Sea of Tranquility

By Leigh Witchel

Years ago in an offhand conversation, a foundation’s program officer explained its funding profile bluntly: “We fund either small modern companies or large ballet companies.” Small ballet companies fall neatly into the cracks, and that’s why The Joyce’s Ballet Festival is such a mitzvah. A biennial event, this outing, the theater is presenting five different groups that wouldn’t reach this audience otherwise. Emery LeCrone, who participated in the first festival in 2015, led off.

LeCrone, has been prolific and gotten notice: she’s received commissions and done residencies at both City Center and The Joyce. This engagement had mostly live music and a large contingent of dancers. Her innate style isn’t classical, but has a looser, contemporary line. LeCrone’s men in particular didn’t seem to be classical dancers; you can see that in how they held their arms to the side: the inbred training to complete the curved, suspended line isn’t there.

Thumbing through the program, all the companies in the festival have all learned the inescapable rule of small ballet companies: get some big names. If there was a logical divide in the program, it was between the work LeCrone set on the group of less-known dancers – where she looks more like herself – and the more classical pieces LeCrone made for her esteemed guests.

Her first was her sister, Megan, a soloist with New York City Ballet. She opened the show with “In Memory,” a solo to a Martinů piano piece. One of Megan’s most compelling qualities is her obliqueness; even when she’s in front of us she seems to be half-hidden. It was hard to hide in a bright red dress by Marine Penvern, but the dance had a pensive quality, with Megan moving step-for-note to the score: échappés, bourrées and walks on pointe with languorous arms. The quiet, slow articulation felt like a soliloquy.

LeCrone kept the dance very simple, almost to the point of exposing. It looked like opening night jitters, but Megan was having trouble sticking the end of her turns and her final sauté to leave felt behind the music. Even with little fumbles, “In Memory” suited Megan – almost too well. Red dress or no, the solo felt white-on-white – a reticent work on an introverted dancer. Her flame as a dancer burns a cool blue, and it might have been interesting for her sister to turn the burner up a notch.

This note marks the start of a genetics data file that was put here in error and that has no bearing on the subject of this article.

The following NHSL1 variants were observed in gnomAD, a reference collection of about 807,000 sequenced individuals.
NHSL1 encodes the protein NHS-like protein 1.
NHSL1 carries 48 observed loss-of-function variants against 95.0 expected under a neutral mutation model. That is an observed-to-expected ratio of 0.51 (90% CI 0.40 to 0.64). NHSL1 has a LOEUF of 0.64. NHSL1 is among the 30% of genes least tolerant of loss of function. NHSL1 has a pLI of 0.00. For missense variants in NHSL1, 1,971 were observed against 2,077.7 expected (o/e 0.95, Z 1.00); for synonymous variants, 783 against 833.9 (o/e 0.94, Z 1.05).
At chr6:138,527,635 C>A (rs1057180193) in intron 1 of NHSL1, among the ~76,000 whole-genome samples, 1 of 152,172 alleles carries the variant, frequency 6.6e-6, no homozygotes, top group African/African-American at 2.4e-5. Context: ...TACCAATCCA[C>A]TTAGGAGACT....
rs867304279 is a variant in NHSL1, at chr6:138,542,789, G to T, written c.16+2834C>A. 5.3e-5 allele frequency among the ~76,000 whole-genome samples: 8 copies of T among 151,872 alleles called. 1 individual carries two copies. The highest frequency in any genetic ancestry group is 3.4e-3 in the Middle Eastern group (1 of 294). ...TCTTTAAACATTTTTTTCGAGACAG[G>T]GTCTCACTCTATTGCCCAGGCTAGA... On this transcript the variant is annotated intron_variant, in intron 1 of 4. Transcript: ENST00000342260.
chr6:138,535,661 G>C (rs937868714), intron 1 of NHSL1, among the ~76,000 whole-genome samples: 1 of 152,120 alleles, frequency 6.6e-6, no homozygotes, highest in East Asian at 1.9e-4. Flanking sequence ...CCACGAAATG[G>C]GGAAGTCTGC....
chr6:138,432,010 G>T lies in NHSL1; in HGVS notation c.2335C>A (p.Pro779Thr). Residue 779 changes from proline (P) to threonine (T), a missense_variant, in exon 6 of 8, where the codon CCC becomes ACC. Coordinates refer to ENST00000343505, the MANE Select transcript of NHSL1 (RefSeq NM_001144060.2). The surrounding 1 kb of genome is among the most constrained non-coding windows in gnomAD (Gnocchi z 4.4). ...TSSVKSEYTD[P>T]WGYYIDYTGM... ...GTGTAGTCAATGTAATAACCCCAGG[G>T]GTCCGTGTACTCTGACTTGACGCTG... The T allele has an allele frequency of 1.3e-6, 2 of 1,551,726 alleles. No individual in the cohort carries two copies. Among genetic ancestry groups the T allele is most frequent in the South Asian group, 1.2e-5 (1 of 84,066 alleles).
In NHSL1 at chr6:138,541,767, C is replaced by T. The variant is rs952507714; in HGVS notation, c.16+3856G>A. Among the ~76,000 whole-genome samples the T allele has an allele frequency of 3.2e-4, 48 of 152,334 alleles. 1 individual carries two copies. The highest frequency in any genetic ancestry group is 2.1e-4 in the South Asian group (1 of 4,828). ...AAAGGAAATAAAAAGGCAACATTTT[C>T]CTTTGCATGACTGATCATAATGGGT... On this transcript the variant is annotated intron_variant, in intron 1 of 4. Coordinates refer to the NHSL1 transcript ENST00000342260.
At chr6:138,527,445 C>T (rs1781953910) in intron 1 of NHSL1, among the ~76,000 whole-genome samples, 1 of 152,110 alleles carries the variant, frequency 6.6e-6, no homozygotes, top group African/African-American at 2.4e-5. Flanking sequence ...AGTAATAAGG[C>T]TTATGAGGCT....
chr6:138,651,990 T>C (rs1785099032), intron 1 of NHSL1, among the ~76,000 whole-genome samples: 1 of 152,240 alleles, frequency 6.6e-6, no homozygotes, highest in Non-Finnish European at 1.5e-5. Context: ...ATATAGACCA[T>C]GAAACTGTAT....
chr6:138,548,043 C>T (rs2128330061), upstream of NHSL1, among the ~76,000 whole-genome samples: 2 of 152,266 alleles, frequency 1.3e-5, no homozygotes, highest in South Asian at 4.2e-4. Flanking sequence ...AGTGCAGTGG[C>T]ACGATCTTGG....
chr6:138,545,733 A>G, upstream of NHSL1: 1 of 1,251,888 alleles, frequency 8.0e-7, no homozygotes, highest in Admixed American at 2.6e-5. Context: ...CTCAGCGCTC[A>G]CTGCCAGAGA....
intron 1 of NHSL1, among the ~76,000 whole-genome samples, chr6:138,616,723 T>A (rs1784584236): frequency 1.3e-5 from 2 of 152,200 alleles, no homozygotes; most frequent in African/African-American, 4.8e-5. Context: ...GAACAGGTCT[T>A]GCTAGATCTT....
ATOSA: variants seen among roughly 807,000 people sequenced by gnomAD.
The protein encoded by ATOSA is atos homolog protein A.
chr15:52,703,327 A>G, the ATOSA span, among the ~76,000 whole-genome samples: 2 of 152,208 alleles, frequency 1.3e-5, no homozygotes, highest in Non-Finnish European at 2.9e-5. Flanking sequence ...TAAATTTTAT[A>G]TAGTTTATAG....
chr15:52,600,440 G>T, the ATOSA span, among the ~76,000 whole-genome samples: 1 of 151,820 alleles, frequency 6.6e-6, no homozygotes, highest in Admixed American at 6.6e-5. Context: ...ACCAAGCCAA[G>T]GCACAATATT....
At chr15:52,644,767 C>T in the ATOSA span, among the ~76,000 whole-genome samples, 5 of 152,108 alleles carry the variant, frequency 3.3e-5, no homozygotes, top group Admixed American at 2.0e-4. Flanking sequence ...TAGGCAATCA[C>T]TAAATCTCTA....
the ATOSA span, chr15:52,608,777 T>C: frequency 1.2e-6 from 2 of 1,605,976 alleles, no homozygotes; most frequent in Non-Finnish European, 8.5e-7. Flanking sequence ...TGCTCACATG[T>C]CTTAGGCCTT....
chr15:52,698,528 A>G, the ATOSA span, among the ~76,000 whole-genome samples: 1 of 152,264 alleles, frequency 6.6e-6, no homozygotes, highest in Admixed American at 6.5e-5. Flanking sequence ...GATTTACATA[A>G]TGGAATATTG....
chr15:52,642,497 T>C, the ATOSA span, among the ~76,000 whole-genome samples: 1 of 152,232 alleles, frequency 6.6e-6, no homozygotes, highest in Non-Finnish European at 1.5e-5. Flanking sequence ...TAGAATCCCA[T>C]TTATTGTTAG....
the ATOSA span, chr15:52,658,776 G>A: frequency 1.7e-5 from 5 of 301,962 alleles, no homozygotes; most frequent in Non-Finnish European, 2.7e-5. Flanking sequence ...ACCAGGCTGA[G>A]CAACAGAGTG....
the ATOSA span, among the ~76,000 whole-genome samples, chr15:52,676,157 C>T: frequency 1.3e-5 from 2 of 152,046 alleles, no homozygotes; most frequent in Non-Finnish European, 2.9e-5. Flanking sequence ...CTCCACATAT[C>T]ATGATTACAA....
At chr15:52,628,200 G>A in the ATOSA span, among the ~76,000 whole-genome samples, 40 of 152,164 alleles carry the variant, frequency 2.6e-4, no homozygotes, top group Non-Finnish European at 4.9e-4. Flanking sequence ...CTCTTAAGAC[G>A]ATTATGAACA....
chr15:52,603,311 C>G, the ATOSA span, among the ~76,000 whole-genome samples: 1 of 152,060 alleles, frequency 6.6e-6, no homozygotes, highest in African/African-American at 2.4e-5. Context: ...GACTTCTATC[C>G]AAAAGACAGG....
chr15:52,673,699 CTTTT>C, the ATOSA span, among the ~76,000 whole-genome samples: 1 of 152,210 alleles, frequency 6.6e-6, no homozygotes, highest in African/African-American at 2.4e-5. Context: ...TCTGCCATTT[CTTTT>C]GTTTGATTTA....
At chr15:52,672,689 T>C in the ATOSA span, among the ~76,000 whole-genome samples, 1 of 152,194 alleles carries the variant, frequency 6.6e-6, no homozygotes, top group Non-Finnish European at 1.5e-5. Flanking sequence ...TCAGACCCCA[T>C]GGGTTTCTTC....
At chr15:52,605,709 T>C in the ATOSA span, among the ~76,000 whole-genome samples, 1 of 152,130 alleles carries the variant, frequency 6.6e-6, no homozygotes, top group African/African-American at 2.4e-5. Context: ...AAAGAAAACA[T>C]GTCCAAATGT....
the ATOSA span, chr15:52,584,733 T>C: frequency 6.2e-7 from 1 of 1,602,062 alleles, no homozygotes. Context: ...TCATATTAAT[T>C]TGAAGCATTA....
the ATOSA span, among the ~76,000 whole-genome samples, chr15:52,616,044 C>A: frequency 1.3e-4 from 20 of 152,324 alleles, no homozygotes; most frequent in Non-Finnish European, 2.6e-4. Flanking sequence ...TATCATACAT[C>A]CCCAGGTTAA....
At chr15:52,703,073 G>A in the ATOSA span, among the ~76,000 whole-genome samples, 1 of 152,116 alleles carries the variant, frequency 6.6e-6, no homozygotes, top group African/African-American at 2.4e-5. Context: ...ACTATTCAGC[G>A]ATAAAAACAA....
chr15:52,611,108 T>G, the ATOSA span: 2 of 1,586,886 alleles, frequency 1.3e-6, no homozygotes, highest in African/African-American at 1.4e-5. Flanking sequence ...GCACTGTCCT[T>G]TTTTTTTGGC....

“The Innermost Part of Something.” Photo © Matthew Murphy

The other specialty act was from American Ballet Theatre: Corey Stearns and Stephanie Williams in “Time Slowing, Ending.” The short duet to a score by Brian Crain used the trappings of contemporary dance, a velvety dark stage and smoky sidelighting, but angst is something you didn’t see in LeCrone’s work. The worlds LeCrone created onstage were tranquil; Stearns and Williams were companions more than star-cross’d lovers.

The duet showed the pair off without breaking new ground. LeCrone seemed comfortable with ballet’s conventions of who partnered and who got partnered. Even lifts weren’t overly dramatic. Stearns is a forklift and he pressed Williams overhead like precision machinery, soundless and impeccably engineered. LeCrone inserted a short solo for him during a backstage crossing for Williams. LeCrone’s vocabulary was heavy on adagio, light on allegro: fluidity is her métier, even Stearns’ big jumps felt adagio. He pressed William skywards once again as the lights went out.

The other three pieces on the program didn’t have big name dancers, but gave a clearer picture of LeCrone’s choreographic voice. “Beloved,” to an interesting vocal score by David Lang inspired by the Song of Songs, was the most compelling, and typified LeCrone’s style.

“Beloved” inhabited a calm twilight. LeCrone spun out long phrases that flowed with the natural weight of where the movement was headed. There was little extreme and nothing violent there, only gentle encounters that flowed and embraced. At the end, the men took the women’s hands and the women leaned off balance. Even that was so subtle as to only hint at torsion. The sense of community was as placid. “Beloved” may have contained three couples, but it was more often a triple duet, with a sense of stability in the unison work. The dance ended by fading into night but continuing even as the music abruptly stopped.

Yet the rest of LeCrone’s group dances seemed to be created from the same impulse and materials. Though they had distinctions in costuming and speed, an excerpt from “The Innermost Part of Something” and the new “Radiant Field” relied on similar devices: multiple couples partnering, fading to darkness in an unending ending. Everything looked as if it all started with similar rolling movement phrases in the studio. If so, even if she kept that personal style, it would be interesting to see what would happen if LeCrone forced herself to try and create from a different impetus: a musical score 180° from her usual or a set that intruded on the dancing. Just to see if it would give birth to a strange new beast.

copyright © 2017 by Leigh Witchel

“In Memory,” “Beloved,” “The Innermost Part of Something,” “Time Slowing, Ending,” “Radiant Field” – Emery LeCrone DANCE
Ballet Festival
The Joyce Theater, New York, NY
July 18, 2017

Cover: “The Innermost Part of Something.” Photo © Matthew Murphy

Got something to say about this? Sound off here

Don’t miss a thing! We’ll send you a notification of every article we post if you sign up with your email. (The signup is right below, scroll down). We promise you won’t be deluged and we won’t spam you either.